White Collar Crimes and What to Do if You're Accused of One

Daisy Rogozinsky
July 26, 2022

When most people think of crime, they imagine violent offenses such as assault or murder. However, there is an entire category of crimes called white collar crime that is quite different in nature. In this article, we’ll explain what white-collar crimes are, give examples of different crimes that fit under this umbrella, and explain what you should do if you are ever accused of a white-collar crime. 

What Is a White Collar Crime?

White collar crimes are nonviolent crimes committed in usually commercial situations for financial gain. It is estimated to cost the U.S. more than $300 billion annually. The government has the power to sanction both individuals and corporations for white-collar crimes. Common penalties include:

  • Fines
  • Home detention
  • Community confinement
  • Paying the cost of prosecution
  • Forfeitures
  • Restitution
  • Supervised release
  • Imprisonment

If at least one victim of white collar crime suffered substantial financial harm, longer prison sentences are suggested. In contrast, if the defendant takes responsibility for the crime and assists authorities in their investigation, sanctions can be reduced. 

Multiple federal agencies participate in the enforcement of federal white collar crime legislation, including the FBI, the Internal Revenue Service (IRS), and the Securities and Exchange Commission (SEC). Additionally, most states have their own agencies to enforce white collar crime laws at the state level.

Examples of White Collar Crimes

A list of white collar crimes includes:

  • Antitrust violations
  • Bankruptcy fraud
  • Bribery
  • Computer and internet fraud
  • Counterfeiting
  • Credit card fraud
  • Economic espionage and trade secret theft
  • Embezzlement
  • Environmental law violations
  • Financial institution fraud
  • Government fraud
  • Healthcare fraud
  • Insider trading
  • Insurance fraud,
  • Intellectual property theft/piracy
  • Kickbacks
  • Mail fraud
  • Money laundering
  • Securities fraud
  • Tax evasion
  • Phone and telemarketing fraud
  • Public corruption.

What to Do if You’re Accused of a White Collar Crime

1. Hire a Lawyer

The first and most important step you should take if you are accused of a white collar crime is to hire a lawyer. They will prove invaluable in providing legal advice, reviewing your case, finding weaknesses in the prosecution’s case, and putting together a defense strategy that can either reduce your sentence or have your case dismissed entirely.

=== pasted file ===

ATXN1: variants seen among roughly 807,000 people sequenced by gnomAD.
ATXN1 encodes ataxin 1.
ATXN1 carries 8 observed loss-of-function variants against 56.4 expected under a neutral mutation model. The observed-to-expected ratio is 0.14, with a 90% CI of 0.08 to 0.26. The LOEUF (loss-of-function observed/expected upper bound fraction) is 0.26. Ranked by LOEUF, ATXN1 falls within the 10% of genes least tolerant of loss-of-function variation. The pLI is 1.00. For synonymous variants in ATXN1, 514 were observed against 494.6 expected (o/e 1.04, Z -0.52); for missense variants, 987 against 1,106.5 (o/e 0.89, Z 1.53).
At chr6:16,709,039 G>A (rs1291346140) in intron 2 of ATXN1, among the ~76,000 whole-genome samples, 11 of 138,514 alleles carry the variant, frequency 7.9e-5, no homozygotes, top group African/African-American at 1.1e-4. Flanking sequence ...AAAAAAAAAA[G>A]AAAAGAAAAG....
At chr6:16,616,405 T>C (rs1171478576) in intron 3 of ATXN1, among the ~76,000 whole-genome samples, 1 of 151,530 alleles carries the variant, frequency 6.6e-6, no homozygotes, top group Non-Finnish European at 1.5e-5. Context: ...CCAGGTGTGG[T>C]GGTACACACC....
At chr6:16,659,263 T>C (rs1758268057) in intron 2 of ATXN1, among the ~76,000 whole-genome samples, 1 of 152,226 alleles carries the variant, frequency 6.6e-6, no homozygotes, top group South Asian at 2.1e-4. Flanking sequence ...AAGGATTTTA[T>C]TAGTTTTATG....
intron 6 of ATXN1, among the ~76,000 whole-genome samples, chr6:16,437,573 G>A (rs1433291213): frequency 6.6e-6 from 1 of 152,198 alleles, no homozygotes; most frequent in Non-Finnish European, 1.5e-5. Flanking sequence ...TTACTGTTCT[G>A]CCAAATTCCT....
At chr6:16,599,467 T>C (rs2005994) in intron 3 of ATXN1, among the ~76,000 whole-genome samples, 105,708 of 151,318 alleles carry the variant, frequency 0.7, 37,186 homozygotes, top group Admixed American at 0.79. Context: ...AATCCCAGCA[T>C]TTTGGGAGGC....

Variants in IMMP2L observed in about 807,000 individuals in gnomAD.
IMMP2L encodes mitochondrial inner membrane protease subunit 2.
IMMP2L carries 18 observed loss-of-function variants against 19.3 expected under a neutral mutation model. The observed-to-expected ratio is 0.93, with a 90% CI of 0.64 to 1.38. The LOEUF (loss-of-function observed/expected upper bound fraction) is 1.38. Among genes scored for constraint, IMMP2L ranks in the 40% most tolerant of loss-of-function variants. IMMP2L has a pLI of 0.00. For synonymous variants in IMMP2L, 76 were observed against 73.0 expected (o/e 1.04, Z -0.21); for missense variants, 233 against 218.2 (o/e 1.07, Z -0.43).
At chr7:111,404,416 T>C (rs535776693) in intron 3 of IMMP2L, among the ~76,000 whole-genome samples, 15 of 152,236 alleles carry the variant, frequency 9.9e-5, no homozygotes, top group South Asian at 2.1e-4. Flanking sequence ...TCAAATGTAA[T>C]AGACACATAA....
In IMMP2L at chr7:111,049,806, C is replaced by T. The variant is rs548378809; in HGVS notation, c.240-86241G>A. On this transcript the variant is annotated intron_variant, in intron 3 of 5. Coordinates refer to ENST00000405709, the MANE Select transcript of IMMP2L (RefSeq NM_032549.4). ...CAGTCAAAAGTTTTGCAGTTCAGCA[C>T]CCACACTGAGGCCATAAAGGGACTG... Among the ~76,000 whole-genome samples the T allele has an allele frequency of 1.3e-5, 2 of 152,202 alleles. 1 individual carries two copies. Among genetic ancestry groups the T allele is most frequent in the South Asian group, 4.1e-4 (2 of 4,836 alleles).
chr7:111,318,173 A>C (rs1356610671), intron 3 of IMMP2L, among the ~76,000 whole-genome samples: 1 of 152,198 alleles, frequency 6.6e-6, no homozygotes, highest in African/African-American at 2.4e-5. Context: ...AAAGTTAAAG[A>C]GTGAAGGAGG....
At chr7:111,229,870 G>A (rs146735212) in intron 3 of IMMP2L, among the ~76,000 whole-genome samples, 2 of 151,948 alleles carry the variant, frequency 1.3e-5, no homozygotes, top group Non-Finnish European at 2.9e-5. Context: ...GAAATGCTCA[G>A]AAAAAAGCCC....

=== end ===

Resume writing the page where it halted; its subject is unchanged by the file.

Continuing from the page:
2. Protect Your Assets

Investigators of white collar crimes have the power to freeze and seize your bank accounts or other assets to use as evidence against you. Speak to your lawyer early on about how you can protect your assets and what steps you can take to stop the government from taking away your accounts.

3. Do Not Speak About Your Case

As long as you are under investigation, do not speak to anybody about your case other than your legal team. This includes friends, family, and investigators. Any statements that you make can be used against you. You can always invoke your right to have your lawyer present any time that investigators are questioning you. 

4. Know What Constitutes Guilt in a White Collar Crime

To build the best possible defense, you will need to understand how the prosecution could be building a case against you. To do so, you should understand that to convict you of a white collar crime, the prosecution must not only prove that you broke the law, but that you did so intentionally and willfully. It’s also important to know that you did not have to have successfully completed the crime in order to be found guilty of it. 

5. Gather Documentation

Your defense team will need to put together a case backed by evidence that proves your innocence. There are many types of documents you may be able to use as evidence including receipts, invoices, emails, and so on. Your attorney should be able to help you determine exactly which documentation you need to gather to support your case.

6. Know the Possible Defense Strategies

While the exact defense strategy your team uses will depend on the specific circumstances of your case, there are several common defense strategies for white collar crimes that you should be familiar with.

  • Entrapment - This defense argues that law enforcement coerced you into committing the crime and asserts that you did not intend to commit a crime and would not have done so if it weren’t for the interference of government agents.
  • Absence of intent - This defense asserts that you did commit a crime but did not know that you were breaking the law. 
  • Lack of knowledge - This defense asserts that you were not aware of the fact that your role in an operation was contributing to an illegal act.
  • Insanity - This defense argues that you were insane when committing the crime, making your behavior beyond your control. 
  • Duress - This defense argues that you only committed the crime because of a threat of or actual use of physical force that would have driven any reasonable person to commit a crime.
  • Intoxication - This defense asserts that you were intoxicated at the time that you committed the crime, such that you are not fully responsible for your own behavior. 

Mental incapacity - This defense asserts that you did not have the knowledge to fully comprehend the nature of the crime that you are being accused of, or that you did not have the skills required to commit it.

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